Elon Musk’s move to introduce a pricey paywall to access Twitter’s data is set to upend thousands of academic and developer projects, in his latest controversial attempt to generate new revenues to turn round the business.

Twitter has laid out plans to this weekend push developers over to a new monthly pricing structure for its API, a tool for them to access the company’s data, having previously offered it for free or for minimal sums.

The move has prompted a backlash from developers who expect to be priced out of access, and even big customers such as Microsoft. Some developers have already received emails in recent weeks notifying them they have been “suspended from accessing” the API and must sign on to one of the new tiers, according to copies of the communications seen by the Financial Times.

Twitter plans to charge at least $42,000 a month for developers to access its data streams, with various tiers rising into six-figures, according to multiple people familiar with the matter and first reported by Wired. Below that, there is only a bare-bones free tier and a “tester” tier, which offers access to very limited data and costs $100.

Experts warn the move could thwart research into political manipulation ahead of the 2024 US election, risk the future of some small businesses and reduce engagement on the social media platform.

The new pricing comes as part of Musk’s efforts to wrestle the lossmaking company’s finances, while also dealing with an advertiser exodus and an unwieldy debt servicing bill.

The big fees have already prompted some companies such as Microsoft and Intercom to drop the use of Twitter from their social media management tools. On Friday, Air France tweeted: “Since Twitter has changed their conditions, our customer service by direct message on this network is unavailable.”

Many smaller developers do not think they will be able to afford the data, and are now scrambling to scoop up as much as they can before their access is revoked, according to multiple people familiar with the situation.

“Elon Musk is stifling any innovation that is not coming from big enterprise corporates that he could squeeze half a million dollar a year contract out of,” said Amir Shevat, who was previously head of product for Twitter’s developer platform but left the company three weeks after Musk took over.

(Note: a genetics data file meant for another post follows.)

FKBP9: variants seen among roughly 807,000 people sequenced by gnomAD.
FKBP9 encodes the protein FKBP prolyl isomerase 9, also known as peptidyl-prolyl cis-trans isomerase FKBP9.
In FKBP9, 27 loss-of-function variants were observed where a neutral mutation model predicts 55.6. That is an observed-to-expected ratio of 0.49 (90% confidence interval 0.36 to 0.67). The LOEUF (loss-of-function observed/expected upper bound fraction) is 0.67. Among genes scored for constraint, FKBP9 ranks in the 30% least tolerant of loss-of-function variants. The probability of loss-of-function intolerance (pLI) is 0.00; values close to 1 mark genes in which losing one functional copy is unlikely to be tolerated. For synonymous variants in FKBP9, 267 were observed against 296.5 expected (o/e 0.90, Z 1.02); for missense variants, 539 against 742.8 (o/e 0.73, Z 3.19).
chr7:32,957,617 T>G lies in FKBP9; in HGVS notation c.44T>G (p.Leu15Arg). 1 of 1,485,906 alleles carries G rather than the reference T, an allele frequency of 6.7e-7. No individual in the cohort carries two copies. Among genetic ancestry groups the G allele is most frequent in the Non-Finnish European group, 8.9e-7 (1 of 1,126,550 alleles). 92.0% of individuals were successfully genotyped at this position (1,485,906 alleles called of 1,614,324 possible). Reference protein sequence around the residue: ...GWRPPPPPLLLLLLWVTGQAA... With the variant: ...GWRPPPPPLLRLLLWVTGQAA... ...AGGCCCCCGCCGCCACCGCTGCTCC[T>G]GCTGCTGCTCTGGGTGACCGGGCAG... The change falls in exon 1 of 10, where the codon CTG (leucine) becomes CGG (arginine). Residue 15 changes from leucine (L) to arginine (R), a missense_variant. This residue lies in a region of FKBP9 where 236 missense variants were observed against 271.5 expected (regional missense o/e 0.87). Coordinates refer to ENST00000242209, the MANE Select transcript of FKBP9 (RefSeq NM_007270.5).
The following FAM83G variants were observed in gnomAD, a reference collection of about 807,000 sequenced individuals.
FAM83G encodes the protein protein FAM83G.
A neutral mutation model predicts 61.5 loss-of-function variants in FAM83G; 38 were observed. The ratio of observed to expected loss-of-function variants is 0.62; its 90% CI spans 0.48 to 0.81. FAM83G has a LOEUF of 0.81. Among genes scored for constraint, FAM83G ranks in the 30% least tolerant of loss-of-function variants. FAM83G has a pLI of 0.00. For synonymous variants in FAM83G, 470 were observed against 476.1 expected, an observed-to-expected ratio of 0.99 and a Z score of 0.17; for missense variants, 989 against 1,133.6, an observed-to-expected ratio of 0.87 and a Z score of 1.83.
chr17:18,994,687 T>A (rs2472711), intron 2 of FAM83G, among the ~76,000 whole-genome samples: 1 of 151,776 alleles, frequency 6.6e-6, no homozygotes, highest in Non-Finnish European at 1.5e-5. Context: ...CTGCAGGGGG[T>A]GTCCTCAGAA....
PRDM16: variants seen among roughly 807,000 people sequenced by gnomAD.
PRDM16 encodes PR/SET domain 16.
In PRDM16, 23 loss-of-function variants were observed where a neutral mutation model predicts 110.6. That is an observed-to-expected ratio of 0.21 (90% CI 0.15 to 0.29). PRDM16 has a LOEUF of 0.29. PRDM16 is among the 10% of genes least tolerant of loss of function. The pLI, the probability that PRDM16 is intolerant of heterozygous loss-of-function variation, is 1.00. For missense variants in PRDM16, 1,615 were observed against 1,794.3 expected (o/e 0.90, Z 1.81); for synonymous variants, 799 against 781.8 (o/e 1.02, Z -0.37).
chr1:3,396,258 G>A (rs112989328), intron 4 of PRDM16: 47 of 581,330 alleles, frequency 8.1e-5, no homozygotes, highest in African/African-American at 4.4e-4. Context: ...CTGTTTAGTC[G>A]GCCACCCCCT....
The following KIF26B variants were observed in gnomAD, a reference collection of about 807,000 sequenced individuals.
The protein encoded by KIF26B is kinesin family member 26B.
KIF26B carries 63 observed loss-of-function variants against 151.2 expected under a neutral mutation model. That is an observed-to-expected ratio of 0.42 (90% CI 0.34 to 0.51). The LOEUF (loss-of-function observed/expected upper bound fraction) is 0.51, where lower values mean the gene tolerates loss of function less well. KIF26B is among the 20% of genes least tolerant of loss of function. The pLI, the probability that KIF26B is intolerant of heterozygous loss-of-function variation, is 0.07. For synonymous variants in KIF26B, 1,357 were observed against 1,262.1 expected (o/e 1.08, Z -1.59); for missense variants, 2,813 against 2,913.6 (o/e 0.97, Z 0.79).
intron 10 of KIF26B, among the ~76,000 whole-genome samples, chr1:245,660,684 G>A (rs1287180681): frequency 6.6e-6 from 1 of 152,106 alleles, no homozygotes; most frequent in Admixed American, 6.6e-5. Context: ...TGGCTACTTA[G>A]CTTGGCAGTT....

“He’s making a closed garden ecosystem. It’s not the everything app, it’s everything that Elon wants app,” he added.

Twitter did not respond to a request for comment.

In recent years, developers have been able to access Twitter’s API in order to build their own bots, apps and services, such as market intelligence tools for brands to track product conversations on the platform and carry out sentiment analysis.

Academics have also used it to study political conversations to root out online manipulation, while newspapers have typically used it to automatically post the news they publish on their sites.

“There’s no economic incentive for me to develop because the pricing is outrageous,” said Andrei Taraschuk, who has created some 500 bots for sharing art.

The shake up is the latest turmoil to hit Twitter since Musk bought the platform for $44bn in October. The billionaire has already alienated a large swath of advertisers with his content moderation approach, as well as some of Twitter’s most powerful users over his plans to charge $8 a month for its “blue tick” verification.

In March, Musk said Twitter’s finances are improving to the point the social media company could return to posting positive cash flow next quarter. But the company remains on the hook for $1.5bn of annual interest payments on $13bn of debt he used to fund the acquisition.

Musk’s API move comes in marked contrast to previous steps by Twitter to open up the platform’s data further to developers.

“There was a lot of trust in Twitter’s developer ecosystem,” said Alex Volkov, chief executive of Tagum, a tool that translates videos and had a bot that has now been suspended by Twitter. “Now that is all going to go away.”

Joshua Tucker, co-director of the New York University Center for Social Media and Politics, said his team was having “frantic meetings” to establish what to do next, as “no academic programme” is likely to be able to pay.

“If we don’t have research on the impact of these platforms on society then how can we make good policy?” he said, calling for regulation that mandates access to this type of data to researchers.

On top of harming developers and academics, Chris Messina, the product consultant who invented the hashtag, warned that without the innovation from developers, the platform could easily become “stale”. 

He added: “By restricting access to the Twitter data, it makes Twitter less useful for the people who are generating the data in the first place.”

Other platforms have announced plans to charge more for their data. Last week, Reddit revealed plans to charge large companies such as Google, OpenAI and Microsoft that use all of its data to train their large language models for API access. But its API would still remain free to developers who build tools that help people use the platform, it said.

Musk himself is developing plans to launch a new AI start-up to compete with OpenAI, which could use Twitter content as data to train its language model.

“If other social media platforms follow the same path, big data becomes big business,” said Alessandro Bernardi, social media scientist at social media management group Social Elephants.

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